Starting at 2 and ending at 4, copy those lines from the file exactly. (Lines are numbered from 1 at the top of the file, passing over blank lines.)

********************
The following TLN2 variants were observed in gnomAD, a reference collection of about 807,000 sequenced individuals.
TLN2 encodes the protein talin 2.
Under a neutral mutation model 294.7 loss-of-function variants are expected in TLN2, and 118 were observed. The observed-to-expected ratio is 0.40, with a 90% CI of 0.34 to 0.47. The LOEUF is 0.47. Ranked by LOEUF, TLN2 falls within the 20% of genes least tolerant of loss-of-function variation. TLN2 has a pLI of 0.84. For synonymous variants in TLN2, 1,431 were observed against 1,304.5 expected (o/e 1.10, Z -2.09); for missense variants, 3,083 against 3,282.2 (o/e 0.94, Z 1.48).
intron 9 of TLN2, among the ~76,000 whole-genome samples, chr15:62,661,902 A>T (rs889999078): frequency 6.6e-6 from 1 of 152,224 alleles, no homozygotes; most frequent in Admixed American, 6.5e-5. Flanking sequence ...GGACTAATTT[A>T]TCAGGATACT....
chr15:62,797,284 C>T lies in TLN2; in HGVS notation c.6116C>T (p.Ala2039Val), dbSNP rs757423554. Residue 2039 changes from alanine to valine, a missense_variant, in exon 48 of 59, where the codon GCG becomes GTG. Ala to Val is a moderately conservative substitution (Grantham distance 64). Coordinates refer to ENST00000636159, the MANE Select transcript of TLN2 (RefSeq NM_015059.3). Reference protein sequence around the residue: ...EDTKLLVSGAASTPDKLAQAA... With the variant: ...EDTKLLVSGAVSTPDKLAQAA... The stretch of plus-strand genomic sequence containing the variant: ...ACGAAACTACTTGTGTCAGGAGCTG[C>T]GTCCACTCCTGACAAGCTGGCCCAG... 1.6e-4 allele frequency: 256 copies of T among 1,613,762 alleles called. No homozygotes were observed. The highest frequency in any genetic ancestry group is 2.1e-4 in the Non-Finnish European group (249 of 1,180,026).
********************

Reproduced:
TLN2 encodes the protein talin 2.
Under a neutral mutation model 294.7 loss-of-function variants are expected in TLN2, and 118 were observed. The observed-to-expected ratio is 0.40, with a 90% CI of 0.34 to 0.47. The LOEUF is 0.47. Ranked by LOEUF, TLN2 falls within the 20% of genes least tolerant of loss-of-function variation. TLN2 has a pLI of 0.84. For synonymous variants in TLN2, 1,431 were observed against 1,304.5 expected (o/e 1.10, Z -2.09); for missense variants, 3,083 against 3,282.2 (o/e 0.94, Z 1.48).
intron 9 of TLN2, among the ~76,000 whole-genome samples, chr15:62,661,902 A>T (rs889999078): frequency 6.6e-6 from 1 of 152,224 alleles, no homozygotes; most frequent in Admixed American, 6.5e-5. Flanking sequence ...GGACTAATTT[A>T]TCAGGATACT....